Tuesday, October 18, 2011

The Black Dagger Brotherhood-Paranormal Romance on Steroids

The Black Dagger Brotherhood, a mega-selling mass-market Paranormal Romance series by J.R. Ward is a publishing phenomenon. These books sell like the proverbial hotcakes. As of this writing, there are ten books published and more to come. Ward has brewed a heady mixture of the standard Gothic Romance conventions- tortured hero, female in jeopardy, suspense, adventure, hero redeemed by love for same female in jeopardy- added in large doses of somewhat kinky erotica and violence and put the whole mess on a steroid regimen- with vampires!

The basic premise is this- the vampires of mythical Caldwell, NY are a separate species, not at all the undead but pretty much immortal, at least until someone slaughters them. A centuries long war with a group called the Lessening Society is being fought to save the vampire race. Enter the Black Dagger Brotherhood, lethal, mega-sized, leather-clad, trash-talking, booted and vice-ridden vampires who battle the evil Lessors, who really aren't all that scary, especially since they are colorless and smell like baby powder(?). No kidding. You want tortured heroes with hideous childhoods-these brothers are the ones for you. But they mate for life and are redeemed by the women they love. Well, not really, but they do cut down on their self-destructive behaviors and come to terms with their various hideous childhoods.

I really don't know how I stumbled across the first book in the series, Dark Lover, but to say that I was underwhelmed is an understatement. First of all, I laughed my way through the glossary of terms that appears at the beginning and does so in every book. I'm still snorting my way through that glossary. Then, there are the names of the original brothers: Wrath, Rhage, Zsadist, Vishous, Phury and Tohrment. Are you seeing a pattern here? Throw in some extraneous letters- they still sound the same. After the original six brothers are dealt with in the series, we have Rehvenge, Dhestroyer and John Matthew (huh?). As the series progresses, female warriors have been added, along with a quasi-religious and social system that is mired somewhere circa 1174. The most recent entry introduces a cadre of Slayers from Europe who are even more anti-social than the original Brothers. I counted Dark Lover as a waste of good trees. However, I kept hearing buzz and decided that I must have missed something. No, not really.

So, after my snide comments-why am I still reading them? Well, I don't really know. Despite the names, the weak world-building, the egregious "branding" sprinkled throughout each book, the street lingo that I can't believe is spoken anywhere on this planet and the general silliness, I am hooked. Enough to download them free from the library, anyway. In spite of, or maybe because of all their faults these books are oddly compelling. Ward is one heck of a story-teller and the Black Dagger books have a breakneck narrative flow that just drags you with it. The best analogy I can come up with is the compulsion to rubber-neck a traffic accident. It's a guilty pleasure and so is the Black Dagger Brotherhood.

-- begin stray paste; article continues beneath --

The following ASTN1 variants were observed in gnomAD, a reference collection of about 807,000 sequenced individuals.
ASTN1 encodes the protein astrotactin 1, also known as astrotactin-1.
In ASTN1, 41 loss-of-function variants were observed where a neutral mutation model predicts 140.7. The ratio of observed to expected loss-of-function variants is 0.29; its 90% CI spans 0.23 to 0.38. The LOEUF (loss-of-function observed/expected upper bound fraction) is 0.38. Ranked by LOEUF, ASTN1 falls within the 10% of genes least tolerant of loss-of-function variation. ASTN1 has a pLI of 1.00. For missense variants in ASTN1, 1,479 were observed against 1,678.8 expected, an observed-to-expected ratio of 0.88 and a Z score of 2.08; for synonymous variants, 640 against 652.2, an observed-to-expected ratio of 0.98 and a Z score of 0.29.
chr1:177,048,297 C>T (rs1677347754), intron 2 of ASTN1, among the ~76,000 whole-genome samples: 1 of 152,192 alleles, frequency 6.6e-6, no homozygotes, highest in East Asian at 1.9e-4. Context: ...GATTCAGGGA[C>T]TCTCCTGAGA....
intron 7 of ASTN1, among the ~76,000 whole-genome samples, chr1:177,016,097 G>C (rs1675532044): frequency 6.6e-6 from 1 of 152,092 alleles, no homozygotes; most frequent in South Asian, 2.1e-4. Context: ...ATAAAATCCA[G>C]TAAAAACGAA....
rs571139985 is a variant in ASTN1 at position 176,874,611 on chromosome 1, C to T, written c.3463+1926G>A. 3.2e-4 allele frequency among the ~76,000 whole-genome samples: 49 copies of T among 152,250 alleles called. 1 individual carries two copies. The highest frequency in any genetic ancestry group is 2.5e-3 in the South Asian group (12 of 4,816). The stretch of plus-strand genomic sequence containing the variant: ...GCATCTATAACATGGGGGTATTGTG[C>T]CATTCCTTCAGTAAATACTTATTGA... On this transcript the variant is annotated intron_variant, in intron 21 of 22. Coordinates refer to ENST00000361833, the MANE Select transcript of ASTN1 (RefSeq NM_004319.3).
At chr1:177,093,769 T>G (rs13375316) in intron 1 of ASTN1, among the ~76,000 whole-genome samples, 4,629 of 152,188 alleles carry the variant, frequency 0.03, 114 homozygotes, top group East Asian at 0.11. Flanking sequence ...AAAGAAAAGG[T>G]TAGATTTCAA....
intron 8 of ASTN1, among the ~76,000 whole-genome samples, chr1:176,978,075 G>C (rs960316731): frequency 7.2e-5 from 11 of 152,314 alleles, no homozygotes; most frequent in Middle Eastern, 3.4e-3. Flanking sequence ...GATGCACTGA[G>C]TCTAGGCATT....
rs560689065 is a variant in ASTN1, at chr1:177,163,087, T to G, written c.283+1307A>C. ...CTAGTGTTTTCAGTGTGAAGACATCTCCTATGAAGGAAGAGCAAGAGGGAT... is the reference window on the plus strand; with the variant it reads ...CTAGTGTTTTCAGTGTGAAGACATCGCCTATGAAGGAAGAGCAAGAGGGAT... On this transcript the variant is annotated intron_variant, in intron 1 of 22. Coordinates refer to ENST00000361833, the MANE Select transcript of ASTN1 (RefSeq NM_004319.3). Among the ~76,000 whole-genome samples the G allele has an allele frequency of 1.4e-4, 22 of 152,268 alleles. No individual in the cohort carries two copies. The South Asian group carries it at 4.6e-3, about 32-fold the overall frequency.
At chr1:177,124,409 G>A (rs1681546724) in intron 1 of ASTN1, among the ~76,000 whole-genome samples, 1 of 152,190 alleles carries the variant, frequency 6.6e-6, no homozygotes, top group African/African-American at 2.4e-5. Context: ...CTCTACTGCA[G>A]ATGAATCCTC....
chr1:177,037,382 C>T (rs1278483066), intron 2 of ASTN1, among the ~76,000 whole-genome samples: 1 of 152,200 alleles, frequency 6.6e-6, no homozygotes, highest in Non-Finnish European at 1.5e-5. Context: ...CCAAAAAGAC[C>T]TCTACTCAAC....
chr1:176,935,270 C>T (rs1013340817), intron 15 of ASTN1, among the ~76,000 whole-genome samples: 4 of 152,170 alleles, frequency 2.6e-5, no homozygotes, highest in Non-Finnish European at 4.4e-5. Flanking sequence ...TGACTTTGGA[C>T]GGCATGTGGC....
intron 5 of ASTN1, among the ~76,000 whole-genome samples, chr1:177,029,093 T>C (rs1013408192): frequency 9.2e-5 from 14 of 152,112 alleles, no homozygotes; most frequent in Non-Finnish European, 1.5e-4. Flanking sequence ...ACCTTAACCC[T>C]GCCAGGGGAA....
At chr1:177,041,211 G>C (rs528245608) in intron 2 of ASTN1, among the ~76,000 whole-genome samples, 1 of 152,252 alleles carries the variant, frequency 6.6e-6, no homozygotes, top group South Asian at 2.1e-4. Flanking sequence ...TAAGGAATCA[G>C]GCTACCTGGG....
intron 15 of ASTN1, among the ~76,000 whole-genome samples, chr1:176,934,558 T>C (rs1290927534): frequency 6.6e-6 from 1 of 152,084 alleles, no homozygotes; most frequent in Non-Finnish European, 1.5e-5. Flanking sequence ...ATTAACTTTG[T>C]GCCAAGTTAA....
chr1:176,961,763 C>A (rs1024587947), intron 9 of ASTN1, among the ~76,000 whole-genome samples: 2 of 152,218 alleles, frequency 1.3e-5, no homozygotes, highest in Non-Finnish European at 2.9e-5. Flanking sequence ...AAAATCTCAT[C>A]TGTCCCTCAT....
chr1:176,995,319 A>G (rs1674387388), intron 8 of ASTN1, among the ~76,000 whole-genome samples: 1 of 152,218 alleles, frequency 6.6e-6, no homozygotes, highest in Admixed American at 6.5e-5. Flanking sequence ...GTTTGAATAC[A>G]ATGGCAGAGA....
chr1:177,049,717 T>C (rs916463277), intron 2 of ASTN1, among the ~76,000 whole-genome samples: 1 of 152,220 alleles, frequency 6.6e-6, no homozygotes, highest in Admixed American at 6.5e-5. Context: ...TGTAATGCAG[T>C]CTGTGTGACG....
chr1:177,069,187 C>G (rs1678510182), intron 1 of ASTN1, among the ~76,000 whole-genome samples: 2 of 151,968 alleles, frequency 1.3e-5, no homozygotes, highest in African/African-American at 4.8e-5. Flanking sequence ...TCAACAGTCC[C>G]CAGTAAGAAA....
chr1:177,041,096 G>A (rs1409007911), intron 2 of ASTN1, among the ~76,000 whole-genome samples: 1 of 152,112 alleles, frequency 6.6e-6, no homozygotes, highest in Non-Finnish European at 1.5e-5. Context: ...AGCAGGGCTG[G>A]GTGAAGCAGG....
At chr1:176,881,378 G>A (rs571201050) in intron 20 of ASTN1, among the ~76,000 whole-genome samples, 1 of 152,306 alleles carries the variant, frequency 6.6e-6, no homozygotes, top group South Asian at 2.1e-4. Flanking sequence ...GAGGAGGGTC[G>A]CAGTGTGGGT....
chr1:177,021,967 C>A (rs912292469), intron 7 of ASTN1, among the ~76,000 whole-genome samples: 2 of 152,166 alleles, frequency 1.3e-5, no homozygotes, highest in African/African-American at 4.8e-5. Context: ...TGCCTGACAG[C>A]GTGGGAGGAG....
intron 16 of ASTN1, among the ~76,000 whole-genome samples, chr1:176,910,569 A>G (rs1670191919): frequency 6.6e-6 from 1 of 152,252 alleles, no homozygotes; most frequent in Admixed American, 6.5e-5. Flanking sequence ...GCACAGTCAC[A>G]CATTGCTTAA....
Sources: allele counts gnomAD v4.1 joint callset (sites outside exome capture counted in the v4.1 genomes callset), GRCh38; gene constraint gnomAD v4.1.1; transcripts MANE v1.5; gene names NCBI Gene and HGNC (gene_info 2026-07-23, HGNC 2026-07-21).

New York to Dallas

New York to Dallas
J.D. Robb (Nora Roberts)
Putnam Adult
September 2011

Number 33 (!) in J.D. Robb's (Nora Roberts) IN DEATH series is a departure in both title and location for this long-running, bestselling series. I have been a sucker for this series since the beginning and look forward to each new release. In fact, it is a must have on the day of release for me, despite the fact that I found the last three or four to not quite measure up to the previous books. New York to Dallas is a home run, however, and I think I can put my fears to rest about the series winding down. Thirty-three novels in one series is pretty amazing but then Nora Roberts is amazingly prolific.

Eve is summoned to Dallas to engage in a battle of wits with Isaac McQueen, a violent pedophile known as "The Collector". Eve put him away twelve years earlier when she was still a  rookie beat cop in New York. Somehow, McQueen has managed to escape and kidnap one of the girls that Eve rescued from his "collection". McQueen wants payback and to outwit her this time around. As any reader of the series knows, the city of Dallas has great significance to Eve. She was given the name last name Dallas when she was found wandering there as an 8 year old. Beaten and abused, she had no memory of her own name. Eve has been dealing with the issues left from her horrific childhood throughout the series. This time, she is back in Dallas dealing with those issues (and a very big one gets wrapped up in New York to Dallas), along with the politics of working with an unknown police force and without her usual assorted New York back-up. Of course, she has her husband, Roarke. I can only say that every woman should have back-up like Roarke!

New York to Dallas is an emotional roller coaster ride, suspenseful and well-plotted. While I missed the characters I know so well, Peabody, Feeney, Mavis, and Somerset, who were not present for the bulk of the action, there were enough new characters to keep me interested. Isaac McQueen is an evil psychopath who needs to be taken down, and Eve is just the woman to do it. I have listened to, rather than read all the In Death series. Susan Erickson is a superlative narrator and pitch perfect for all the characters. Very highly recommended, with the warning that this book is not the one to start the series with.

Rating- 5 NYPSD badges